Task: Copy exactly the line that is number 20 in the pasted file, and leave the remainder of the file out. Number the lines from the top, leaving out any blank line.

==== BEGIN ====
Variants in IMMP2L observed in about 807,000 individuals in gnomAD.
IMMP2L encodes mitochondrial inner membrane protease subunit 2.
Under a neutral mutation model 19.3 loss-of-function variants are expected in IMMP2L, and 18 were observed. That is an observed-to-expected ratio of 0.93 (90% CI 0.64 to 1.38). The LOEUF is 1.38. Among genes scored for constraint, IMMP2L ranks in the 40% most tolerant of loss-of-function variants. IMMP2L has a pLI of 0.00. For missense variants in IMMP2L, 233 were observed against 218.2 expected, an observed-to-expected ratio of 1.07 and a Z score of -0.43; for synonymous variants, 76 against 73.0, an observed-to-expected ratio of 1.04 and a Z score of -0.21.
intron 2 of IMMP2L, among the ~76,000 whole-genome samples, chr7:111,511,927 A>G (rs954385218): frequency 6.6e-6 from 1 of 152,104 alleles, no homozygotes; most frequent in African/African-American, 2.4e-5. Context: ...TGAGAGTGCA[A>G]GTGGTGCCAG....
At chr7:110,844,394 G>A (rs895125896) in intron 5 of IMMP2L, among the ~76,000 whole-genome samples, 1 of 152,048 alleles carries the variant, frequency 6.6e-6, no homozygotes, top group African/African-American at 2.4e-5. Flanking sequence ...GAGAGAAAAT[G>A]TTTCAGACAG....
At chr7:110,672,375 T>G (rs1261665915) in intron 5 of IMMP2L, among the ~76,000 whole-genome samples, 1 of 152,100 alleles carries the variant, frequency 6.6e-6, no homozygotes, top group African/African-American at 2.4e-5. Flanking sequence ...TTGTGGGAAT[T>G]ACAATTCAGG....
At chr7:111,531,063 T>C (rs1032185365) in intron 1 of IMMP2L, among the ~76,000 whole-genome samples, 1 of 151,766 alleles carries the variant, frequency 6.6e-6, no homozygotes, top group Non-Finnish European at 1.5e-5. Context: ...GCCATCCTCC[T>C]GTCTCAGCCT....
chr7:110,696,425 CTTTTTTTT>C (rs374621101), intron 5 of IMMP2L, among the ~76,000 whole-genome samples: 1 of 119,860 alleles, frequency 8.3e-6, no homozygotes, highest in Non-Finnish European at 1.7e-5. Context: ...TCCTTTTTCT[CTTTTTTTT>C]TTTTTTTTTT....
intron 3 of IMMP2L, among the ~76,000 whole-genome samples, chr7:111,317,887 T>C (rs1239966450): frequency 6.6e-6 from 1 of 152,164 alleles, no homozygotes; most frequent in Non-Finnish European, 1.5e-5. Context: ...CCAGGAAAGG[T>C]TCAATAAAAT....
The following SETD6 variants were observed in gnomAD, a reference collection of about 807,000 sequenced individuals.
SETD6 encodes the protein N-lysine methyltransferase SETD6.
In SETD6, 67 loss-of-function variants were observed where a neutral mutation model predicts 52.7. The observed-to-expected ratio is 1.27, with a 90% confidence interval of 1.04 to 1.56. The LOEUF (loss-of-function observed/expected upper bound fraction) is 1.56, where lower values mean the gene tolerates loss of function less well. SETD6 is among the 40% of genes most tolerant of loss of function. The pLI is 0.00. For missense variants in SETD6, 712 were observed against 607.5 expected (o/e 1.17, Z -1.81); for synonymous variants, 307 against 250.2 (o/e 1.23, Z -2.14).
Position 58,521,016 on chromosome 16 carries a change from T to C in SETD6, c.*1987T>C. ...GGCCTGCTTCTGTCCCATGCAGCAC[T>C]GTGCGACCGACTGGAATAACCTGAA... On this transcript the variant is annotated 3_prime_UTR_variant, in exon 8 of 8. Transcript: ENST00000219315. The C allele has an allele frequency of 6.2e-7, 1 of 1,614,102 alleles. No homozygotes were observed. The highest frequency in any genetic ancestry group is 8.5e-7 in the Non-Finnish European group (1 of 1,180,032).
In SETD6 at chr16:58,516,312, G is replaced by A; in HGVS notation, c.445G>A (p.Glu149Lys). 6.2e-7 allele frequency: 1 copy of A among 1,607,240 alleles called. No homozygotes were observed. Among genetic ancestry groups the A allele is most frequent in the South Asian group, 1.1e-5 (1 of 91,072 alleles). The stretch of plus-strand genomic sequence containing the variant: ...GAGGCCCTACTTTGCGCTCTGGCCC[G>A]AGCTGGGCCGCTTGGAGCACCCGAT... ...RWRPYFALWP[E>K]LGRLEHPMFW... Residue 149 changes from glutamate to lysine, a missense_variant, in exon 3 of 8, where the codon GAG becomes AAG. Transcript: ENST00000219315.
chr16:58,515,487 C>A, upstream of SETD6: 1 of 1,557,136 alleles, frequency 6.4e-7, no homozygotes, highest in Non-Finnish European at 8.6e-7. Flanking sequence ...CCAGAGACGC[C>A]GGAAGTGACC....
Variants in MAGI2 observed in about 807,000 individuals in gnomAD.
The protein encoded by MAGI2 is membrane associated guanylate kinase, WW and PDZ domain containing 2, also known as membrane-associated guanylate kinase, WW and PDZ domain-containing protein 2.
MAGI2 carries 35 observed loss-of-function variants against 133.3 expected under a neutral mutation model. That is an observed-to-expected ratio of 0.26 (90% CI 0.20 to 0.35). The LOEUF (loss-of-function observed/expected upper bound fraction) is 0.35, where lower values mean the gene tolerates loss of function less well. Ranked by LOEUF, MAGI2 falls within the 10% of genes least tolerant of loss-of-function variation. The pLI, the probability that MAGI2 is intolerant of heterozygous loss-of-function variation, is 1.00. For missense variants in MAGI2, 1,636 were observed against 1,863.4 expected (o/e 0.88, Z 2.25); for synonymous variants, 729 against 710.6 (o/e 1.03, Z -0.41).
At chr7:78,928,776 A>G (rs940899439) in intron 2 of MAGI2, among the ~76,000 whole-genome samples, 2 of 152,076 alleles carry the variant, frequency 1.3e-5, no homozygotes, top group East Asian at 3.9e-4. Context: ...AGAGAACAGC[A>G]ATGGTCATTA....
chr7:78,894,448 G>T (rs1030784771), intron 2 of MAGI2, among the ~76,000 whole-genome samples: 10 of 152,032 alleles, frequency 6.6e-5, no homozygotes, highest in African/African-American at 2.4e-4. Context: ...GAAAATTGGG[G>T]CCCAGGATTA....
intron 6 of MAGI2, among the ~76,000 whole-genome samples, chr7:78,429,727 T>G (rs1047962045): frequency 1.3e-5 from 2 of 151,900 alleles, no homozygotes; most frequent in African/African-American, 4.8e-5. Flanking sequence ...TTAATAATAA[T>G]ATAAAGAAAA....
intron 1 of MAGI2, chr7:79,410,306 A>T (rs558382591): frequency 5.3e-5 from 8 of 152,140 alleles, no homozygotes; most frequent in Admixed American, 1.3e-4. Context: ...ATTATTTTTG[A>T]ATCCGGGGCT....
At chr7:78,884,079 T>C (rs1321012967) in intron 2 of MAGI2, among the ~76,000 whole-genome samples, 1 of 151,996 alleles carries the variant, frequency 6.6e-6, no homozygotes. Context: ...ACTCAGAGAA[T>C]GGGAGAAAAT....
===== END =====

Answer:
chr7:78,894,448 G>T (rs1030784771), intron 2 of MAGI2, among the ~76,000 whole-genome samples: 10 of 152,032 alleles, frequency 6.6e-5, no homozygotes, highest in African/African-American at 2.4e-4. Context: ...GAAAATTGGG[G>T]CCCAGGATTA....